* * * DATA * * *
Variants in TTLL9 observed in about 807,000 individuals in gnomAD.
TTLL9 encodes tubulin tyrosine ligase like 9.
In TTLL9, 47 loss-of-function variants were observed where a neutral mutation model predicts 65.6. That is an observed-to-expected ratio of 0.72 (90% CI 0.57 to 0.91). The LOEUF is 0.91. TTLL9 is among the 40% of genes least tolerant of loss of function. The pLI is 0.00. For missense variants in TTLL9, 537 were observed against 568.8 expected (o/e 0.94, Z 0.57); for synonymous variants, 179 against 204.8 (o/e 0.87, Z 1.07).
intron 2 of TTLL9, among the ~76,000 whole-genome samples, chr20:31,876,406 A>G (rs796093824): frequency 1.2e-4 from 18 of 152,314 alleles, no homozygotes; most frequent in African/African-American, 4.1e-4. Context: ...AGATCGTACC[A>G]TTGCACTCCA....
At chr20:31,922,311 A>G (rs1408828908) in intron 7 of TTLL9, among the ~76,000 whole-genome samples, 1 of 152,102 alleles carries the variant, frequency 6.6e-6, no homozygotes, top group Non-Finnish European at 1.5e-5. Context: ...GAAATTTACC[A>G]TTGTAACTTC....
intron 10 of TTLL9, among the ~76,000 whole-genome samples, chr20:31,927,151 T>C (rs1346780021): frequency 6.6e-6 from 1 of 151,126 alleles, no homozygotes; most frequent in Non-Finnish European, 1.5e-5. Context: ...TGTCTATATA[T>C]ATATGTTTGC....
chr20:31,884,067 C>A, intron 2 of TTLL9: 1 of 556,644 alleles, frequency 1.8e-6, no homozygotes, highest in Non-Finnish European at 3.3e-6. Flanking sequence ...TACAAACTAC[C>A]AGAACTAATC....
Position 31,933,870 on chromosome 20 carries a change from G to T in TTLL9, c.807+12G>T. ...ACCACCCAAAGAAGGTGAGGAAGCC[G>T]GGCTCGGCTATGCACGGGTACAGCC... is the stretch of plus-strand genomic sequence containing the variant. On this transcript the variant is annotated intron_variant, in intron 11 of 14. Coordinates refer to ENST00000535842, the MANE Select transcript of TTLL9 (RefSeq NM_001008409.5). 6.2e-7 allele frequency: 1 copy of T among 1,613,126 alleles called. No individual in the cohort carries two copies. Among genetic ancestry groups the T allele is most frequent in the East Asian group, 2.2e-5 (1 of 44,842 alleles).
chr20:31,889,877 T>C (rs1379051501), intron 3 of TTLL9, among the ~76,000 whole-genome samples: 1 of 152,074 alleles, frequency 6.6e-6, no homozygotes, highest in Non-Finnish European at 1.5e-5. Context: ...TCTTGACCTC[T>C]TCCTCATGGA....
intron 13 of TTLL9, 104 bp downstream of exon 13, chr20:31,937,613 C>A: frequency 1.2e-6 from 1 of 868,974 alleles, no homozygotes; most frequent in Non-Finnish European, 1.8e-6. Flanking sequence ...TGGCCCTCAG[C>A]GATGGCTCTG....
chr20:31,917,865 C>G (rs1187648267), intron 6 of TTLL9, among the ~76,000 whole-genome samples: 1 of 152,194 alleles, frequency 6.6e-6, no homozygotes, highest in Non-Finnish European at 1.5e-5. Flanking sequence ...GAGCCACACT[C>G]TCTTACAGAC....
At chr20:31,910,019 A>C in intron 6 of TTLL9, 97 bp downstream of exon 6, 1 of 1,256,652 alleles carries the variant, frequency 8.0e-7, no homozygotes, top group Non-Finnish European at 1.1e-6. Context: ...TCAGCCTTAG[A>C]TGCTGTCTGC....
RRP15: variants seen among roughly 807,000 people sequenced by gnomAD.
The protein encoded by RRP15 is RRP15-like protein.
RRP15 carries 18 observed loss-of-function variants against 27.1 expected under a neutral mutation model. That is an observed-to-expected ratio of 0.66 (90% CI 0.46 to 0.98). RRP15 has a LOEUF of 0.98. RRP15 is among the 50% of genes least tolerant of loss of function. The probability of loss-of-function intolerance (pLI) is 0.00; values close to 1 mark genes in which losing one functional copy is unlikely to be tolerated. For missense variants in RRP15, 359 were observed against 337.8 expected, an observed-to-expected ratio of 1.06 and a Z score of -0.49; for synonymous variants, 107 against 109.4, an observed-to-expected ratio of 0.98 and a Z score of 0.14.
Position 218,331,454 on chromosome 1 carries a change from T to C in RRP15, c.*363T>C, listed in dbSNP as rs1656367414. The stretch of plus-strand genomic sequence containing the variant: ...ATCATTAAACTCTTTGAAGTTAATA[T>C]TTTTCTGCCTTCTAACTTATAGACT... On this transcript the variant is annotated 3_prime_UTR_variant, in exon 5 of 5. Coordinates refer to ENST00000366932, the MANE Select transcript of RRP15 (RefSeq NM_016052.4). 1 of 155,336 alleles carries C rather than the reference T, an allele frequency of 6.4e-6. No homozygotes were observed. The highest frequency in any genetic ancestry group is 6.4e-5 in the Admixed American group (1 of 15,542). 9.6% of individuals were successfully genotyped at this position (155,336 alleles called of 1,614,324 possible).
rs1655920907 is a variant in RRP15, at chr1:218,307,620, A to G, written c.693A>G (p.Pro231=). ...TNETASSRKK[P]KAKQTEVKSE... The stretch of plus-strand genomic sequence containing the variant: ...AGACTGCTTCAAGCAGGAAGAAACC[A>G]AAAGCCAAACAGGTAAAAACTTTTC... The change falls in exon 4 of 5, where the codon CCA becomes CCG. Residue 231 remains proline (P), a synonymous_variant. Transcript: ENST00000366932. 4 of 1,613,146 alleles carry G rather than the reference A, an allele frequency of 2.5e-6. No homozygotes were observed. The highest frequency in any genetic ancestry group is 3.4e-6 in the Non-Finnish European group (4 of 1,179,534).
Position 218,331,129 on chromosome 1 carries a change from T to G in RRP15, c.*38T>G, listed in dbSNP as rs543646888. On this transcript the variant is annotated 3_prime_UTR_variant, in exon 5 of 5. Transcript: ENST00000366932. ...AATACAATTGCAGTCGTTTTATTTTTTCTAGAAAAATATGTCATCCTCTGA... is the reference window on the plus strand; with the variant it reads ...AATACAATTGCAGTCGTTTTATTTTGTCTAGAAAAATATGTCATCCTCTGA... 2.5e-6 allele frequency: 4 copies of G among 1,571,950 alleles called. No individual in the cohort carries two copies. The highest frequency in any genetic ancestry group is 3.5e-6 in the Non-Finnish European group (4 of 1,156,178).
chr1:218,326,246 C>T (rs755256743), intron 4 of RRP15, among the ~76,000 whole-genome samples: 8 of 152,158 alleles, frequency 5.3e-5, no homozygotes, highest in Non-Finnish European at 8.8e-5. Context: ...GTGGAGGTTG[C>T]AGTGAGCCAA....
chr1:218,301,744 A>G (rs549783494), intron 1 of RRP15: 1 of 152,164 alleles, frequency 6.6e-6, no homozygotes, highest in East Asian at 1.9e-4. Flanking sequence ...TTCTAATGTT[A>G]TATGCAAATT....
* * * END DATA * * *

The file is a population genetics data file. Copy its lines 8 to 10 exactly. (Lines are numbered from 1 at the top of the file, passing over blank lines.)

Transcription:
Position 31,933,870 on chromosome 20 carries a change from G to T in TTLL9, c.807+12G>T. ...ACCACCCAAAGAAGGTGAGGAAGCC[G>T]GGCTCGGCTATGCACGGGTACAGCC... is the stretch of plus-strand genomic sequence containing the variant. On this transcript the variant is annotated intron_variant, in intron 11 of 14. Coordinates refer to ENST00000535842, the MANE Select transcript of TTLL9 (RefSeq NM_001008409.5). 6.2e-7 allele frequency: 1 copy of T among 1,613,126 alleles called. No individual in the cohort carries two copies. Among genetic ancestry groups the T allele is most frequent in the East Asian group, 2.2e-5 (1 of 44,842 alleles).
chr20:31,889,877 T>C (rs1379051501), intron 3 of TTLL9, among the ~76,000 whole-genome samples: 1 of 152,074 alleles, frequency 6.6e-6, no homozygotes, highest in Non-Finnish European at 1.5e-5. Context: ...TCTTGACCTC[T>C]TCCTCATGGA....
intron 13 of TTLL9, 104 bp downstream of exon 13, chr20:31,937,613 C>A: frequency 1.2e-6 from 1 of 868,974 alleles, no homozygotes; most frequent in Non-Finnish European, 1.8e-6. Flanking sequence ...TGGCCCTCAG[C>A]GATGGCTCTG....